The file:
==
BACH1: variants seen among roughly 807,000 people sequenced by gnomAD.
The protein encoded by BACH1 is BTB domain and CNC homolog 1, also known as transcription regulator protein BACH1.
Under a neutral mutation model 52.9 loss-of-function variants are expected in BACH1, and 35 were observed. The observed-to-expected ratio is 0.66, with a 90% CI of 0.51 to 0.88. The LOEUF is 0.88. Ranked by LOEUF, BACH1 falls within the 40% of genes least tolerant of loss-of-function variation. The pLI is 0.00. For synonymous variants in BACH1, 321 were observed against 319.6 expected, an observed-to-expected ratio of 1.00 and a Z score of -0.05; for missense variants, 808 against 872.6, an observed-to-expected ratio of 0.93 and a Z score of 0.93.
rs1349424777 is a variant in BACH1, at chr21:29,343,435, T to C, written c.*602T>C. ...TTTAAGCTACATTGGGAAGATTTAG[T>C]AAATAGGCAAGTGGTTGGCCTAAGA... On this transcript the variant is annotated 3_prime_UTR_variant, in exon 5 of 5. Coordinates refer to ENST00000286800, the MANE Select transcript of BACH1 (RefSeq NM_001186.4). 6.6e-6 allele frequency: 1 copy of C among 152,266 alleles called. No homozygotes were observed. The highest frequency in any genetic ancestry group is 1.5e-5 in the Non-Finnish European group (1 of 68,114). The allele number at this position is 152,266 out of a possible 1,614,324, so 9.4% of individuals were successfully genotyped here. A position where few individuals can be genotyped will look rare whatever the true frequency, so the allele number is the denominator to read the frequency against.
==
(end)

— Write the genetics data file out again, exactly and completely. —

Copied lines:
BACH1: variants seen among roughly 807,000 people sequenced by gnomAD.
The protein encoded by BACH1 is BTB domain and CNC homolog 1, also known as transcription regulator protein BACH1.
Under a neutral mutation model 52.9 loss-of-function variants are expected in BACH1, and 35 were observed. The observed-to-expected ratio is 0.66, with a 90% CI of 0.51 to 0.88. The LOEUF is 0.88. Ranked by LOEUF, BACH1 falls within the 40% of genes least tolerant of loss-of-function variation. The pLI is 0.00. For synonymous variants in BACH1, 321 were observed against 319.6 expected, an observed-to-expected ratio of 1.00 and a Z score of -0.05; for missense variants, 808 against 872.6, an observed-to-expected ratio of 0.93 and a Z score of 0.93.
rs1349424777 is a variant in BACH1, at chr21:29,343,435, T to C, written c.*602T>C. ...TTTAAGCTACATTGGGAAGATTTAG[T>C]AAATAGGCAAGTGGTTGGCCTAAGA... On this transcript the variant is annotated 3_prime_UTR_variant, in exon 5 of 5. Coordinates refer to ENST00000286800, the MANE Select transcript of BACH1 (RefSeq NM_001186.4). 6.6e-6 allele frequency: 1 copy of C among 152,266 alleles called. No homozygotes were observed. The highest frequency in any genetic ancestry group is 1.5e-5 in the Non-Finnish European group (1 of 68,114). The allele number at this position is 152,266 out of a possible 1,614,324, so 9.4% of individuals were successfully genotyped here. A position where few individuals can be genotyped will look rare whatever the true frequency, so the allele number is the denominator to read the frequency against.